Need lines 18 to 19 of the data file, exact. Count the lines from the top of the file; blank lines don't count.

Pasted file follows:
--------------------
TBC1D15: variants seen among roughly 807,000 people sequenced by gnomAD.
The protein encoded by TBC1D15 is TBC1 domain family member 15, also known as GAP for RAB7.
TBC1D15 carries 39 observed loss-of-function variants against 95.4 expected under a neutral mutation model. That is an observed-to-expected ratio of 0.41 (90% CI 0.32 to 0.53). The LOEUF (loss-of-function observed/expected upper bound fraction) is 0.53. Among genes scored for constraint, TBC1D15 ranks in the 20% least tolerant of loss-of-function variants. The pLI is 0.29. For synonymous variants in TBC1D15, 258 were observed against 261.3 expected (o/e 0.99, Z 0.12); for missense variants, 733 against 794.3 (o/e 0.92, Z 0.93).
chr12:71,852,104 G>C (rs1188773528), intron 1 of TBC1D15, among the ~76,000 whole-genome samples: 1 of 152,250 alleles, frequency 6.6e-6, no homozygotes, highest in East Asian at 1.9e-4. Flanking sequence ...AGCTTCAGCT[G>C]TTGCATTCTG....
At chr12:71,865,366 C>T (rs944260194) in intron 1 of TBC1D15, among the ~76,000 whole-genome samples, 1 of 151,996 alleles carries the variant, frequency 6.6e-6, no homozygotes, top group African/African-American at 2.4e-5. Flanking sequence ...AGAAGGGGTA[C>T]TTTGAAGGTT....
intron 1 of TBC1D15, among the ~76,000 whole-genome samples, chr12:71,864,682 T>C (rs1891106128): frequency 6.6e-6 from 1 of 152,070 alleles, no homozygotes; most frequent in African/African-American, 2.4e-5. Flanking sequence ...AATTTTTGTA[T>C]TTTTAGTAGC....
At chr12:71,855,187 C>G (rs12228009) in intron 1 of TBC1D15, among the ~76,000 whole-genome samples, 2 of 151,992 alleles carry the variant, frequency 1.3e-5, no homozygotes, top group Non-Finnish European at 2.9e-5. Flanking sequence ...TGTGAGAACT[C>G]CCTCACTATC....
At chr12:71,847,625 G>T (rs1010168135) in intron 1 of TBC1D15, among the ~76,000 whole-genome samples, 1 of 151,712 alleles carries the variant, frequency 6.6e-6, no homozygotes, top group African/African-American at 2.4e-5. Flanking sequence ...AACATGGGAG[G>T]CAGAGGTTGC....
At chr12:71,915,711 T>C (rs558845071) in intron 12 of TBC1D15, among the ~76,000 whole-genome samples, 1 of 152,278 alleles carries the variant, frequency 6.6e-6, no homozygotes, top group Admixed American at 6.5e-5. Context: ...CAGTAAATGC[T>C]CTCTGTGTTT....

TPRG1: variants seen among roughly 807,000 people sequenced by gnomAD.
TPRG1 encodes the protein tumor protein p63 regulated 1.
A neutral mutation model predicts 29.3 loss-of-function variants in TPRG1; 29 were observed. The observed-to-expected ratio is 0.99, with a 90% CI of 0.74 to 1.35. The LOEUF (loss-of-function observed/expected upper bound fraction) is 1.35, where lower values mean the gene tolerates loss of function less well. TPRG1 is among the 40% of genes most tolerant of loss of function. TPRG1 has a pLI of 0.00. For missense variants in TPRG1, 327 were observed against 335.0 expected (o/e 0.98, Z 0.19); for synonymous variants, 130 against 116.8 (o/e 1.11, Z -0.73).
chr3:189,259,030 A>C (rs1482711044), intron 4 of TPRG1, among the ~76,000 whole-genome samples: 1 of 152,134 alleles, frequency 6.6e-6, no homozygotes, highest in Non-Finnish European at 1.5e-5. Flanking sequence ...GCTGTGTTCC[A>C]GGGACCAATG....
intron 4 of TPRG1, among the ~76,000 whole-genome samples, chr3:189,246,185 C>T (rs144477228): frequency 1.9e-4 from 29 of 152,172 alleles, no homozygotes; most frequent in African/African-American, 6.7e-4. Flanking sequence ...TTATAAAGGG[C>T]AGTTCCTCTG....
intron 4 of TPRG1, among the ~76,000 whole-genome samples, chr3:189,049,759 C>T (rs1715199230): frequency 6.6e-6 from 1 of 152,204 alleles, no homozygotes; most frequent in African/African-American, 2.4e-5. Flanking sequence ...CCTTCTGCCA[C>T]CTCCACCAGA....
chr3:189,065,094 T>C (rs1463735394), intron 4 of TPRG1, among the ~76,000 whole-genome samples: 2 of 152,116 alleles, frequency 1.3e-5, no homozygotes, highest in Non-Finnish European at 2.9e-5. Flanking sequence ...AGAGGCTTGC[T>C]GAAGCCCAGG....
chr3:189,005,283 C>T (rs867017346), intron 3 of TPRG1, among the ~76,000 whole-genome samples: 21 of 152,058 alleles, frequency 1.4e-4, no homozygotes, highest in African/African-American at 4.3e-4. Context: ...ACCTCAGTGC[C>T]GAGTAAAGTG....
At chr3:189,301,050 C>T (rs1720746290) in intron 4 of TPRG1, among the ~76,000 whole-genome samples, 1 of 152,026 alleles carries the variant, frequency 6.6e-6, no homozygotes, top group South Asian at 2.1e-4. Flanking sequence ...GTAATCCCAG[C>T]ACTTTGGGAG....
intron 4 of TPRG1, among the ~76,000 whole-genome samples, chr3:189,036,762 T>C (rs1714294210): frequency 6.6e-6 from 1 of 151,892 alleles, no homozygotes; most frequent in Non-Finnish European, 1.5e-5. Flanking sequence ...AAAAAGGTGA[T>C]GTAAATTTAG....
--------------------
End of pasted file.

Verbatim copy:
At chr3:189,301,050 C>T (rs1720746290) in intron 4 of TPRG1, among the ~76,000 whole-genome samples, 1 of 152,026 alleles carries the variant, frequency 6.6e-6, no homozygotes, top group South Asian at 2.1e-4. Flanking sequence ...GTAATCCCAG[C>T]ACTTTGGGAG....
intron 4 of TPRG1, among the ~76,000 whole-genome samples, chr3:189,036,762 T>C (rs1714294210): frequency 6.6e-6 from 1 of 151,892 alleles, no homozygotes; most frequent in Non-Finnish European, 1.5e-5. Flanking sequence ...AAAAAGGTGA[T>C]GTAAATTTAG....